Monday, May 22, 2017
The Illinois Supreme Court held that fee-sharing agreement between law firms was enforceable
This appeal involves an action for breach of contract brought by one law firm against another after the defendant law firm refused to honor the fee-sharing provisions of the firms’ joint client retainer agreements. A single question of law is presented: Are fee-sharing provisions in otherwise valid retainer agreements between clients and two separate law firms void and unenforceable if the primary service performed by one firm is the referral of the clients to the other but the agreements fail to specifically notify the clients that the lawyers in each firm have assumed joint financial responsibility for the representation?
Reversing the judgment of the circuit court of Lake County dismissing the plaintiff law firm’s second amended complaint pursuant to section 2-615 of the Code of Civil Procedure (735 ILCS 5/2-615 (West 2014)), the appellate court answered that question in the negative, rejecting the defendant law firm’s argument that the agreements’ lack of an express statement that the attorneys assumed joint financial responsibility violated Rule 1.5(e) of the Illinois Rules of Professional Conduct of 2010 (eff. Jan. 1, 2010) and thereby rendered the agreements invalid. 2016 IL App (2d) 151148. In reaching this result, the court declined to follow the Appellate Court, First District’s decision in Donald W. Fohrman & Associates, Ltd. v. Mark D. Alberts, P.C., 2014 IL App (1st) 123351, to the extent that case held that fee-referral agreements must expressly inform clients that the attorneys are assuming joint financial responsibility.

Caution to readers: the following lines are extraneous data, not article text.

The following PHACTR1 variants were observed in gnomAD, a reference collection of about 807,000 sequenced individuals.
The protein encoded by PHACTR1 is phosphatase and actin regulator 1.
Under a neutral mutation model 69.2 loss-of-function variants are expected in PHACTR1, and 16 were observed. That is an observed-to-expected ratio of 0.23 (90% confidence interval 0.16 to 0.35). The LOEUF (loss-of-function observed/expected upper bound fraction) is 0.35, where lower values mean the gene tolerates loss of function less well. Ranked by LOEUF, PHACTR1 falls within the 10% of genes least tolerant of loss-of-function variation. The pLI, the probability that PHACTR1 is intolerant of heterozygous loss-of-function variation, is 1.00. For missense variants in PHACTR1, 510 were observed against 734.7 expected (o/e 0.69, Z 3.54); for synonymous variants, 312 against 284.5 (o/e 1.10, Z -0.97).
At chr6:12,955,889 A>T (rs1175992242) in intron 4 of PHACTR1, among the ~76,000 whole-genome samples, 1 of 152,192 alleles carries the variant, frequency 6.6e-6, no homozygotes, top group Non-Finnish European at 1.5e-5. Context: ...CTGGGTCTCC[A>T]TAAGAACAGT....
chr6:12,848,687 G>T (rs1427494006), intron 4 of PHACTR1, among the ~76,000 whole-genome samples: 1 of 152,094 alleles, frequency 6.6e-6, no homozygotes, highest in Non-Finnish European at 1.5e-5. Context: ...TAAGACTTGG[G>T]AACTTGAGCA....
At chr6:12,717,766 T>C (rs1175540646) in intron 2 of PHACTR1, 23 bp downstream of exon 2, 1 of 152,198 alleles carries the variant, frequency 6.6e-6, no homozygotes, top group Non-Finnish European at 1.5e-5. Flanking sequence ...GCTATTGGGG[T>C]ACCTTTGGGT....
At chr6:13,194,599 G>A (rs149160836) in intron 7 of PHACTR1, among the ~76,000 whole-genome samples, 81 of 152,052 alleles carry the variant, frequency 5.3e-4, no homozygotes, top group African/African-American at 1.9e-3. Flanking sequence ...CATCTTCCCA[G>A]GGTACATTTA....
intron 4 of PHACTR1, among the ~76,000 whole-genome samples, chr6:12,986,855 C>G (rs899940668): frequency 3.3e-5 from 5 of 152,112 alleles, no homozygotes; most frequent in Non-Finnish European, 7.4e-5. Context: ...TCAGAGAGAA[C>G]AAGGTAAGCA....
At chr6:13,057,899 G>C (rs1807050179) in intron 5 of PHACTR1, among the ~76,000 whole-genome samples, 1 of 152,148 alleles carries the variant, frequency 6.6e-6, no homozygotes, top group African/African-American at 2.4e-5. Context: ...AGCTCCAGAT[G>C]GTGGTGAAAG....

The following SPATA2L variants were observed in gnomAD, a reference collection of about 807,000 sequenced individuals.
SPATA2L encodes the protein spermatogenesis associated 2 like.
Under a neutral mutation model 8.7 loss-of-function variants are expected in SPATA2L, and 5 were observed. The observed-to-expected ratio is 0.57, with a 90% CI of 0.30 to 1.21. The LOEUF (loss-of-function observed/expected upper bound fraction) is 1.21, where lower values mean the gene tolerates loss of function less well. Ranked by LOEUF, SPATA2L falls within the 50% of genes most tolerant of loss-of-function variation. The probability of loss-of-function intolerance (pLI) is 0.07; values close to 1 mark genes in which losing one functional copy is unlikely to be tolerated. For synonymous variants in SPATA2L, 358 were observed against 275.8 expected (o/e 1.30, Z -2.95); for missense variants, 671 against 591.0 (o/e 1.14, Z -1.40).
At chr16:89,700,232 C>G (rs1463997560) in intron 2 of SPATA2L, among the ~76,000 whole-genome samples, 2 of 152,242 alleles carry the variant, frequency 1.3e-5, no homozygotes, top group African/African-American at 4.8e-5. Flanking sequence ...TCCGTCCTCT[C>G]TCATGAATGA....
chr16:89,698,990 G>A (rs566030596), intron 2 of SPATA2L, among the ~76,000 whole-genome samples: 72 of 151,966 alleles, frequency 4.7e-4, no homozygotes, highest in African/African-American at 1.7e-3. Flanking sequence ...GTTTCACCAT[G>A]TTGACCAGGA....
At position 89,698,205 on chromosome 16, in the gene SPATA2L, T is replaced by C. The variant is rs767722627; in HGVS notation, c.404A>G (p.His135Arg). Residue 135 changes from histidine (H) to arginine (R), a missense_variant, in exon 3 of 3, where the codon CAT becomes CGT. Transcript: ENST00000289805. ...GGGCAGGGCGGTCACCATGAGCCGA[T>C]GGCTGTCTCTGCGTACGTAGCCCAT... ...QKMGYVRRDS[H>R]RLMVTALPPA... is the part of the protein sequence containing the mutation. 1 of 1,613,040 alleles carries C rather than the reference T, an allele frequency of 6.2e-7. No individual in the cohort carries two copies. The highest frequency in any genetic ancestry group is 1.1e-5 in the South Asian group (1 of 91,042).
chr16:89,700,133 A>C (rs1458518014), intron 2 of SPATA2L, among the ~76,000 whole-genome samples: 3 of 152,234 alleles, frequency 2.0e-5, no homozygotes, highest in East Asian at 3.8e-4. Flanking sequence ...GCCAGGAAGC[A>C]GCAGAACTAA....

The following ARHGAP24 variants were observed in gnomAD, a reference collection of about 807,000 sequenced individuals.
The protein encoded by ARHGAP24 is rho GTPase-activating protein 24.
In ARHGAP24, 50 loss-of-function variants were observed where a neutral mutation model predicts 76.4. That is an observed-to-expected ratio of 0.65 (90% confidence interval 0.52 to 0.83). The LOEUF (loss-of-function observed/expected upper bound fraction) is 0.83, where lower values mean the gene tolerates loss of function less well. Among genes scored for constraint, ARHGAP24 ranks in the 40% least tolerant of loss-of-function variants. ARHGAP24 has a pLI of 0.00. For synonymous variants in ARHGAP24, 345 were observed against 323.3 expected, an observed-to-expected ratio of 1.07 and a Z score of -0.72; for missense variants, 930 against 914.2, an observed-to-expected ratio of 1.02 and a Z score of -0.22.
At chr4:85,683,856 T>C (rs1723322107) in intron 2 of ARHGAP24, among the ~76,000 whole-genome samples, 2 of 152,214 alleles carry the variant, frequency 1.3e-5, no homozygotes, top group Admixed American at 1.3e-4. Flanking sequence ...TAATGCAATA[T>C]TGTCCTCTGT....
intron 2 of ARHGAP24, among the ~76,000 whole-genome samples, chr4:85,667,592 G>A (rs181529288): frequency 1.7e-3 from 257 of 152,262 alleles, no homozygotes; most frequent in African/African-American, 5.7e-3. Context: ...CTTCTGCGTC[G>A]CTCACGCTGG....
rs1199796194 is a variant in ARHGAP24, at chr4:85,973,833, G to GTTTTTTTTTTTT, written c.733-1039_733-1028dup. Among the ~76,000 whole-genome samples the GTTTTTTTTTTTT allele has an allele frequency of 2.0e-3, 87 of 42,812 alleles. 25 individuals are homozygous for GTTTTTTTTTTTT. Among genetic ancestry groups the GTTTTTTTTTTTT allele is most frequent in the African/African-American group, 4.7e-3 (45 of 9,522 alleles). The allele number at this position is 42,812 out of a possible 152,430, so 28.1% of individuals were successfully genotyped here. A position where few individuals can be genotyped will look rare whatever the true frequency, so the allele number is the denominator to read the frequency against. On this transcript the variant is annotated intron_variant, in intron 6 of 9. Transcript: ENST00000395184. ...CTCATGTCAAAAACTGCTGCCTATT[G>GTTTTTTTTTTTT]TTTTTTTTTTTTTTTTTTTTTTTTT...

We allowed the defendant law firm’s petition for leave to appeal in order to resolve the conflict between the appellate court’s decision in this case and Fohrman. Ill. S. Ct. R. 315(a) (eff. Mar. 15, 2016). We also granted the Illinois Trial Lawyers Association leave to file a brief amicus curiae. Ill. S. Ct. R. 345 (eff. Sept. 20, 2010). For the reasons that follow, we affirm the judgment of the appellate court and remand the cause to the circuit court for further proceedings...
We therefore agree with plaintiff that the fee-sharing provisions of the 10 joint client retainer agreements at issue in this case were not fatally defective under Rule 1.5(e) of the Illinois Rules of Professional Conduct of 2010 simply because they did not contain language specifically stating that plaintiff and defendant had agreed to assume joint financial responsibility for the representation. The circuit court therefore erred as a matter of law when it dismissed plaintiff’s second amended complaint on that basis, and its judgment was properly reversed by the appellate court. In light of this conclusion, we need not address plaintiff’s additional contentions that certain of the retainer agreements were not subject to the current version of Rule 1.5(e) because they were signed before the Rules of Professional Conduct took effect or that defendant should be estopped from contesting the validity of the agreements under Rule 1.5(e) based upon his failure to pursue the question in an earlier appeal.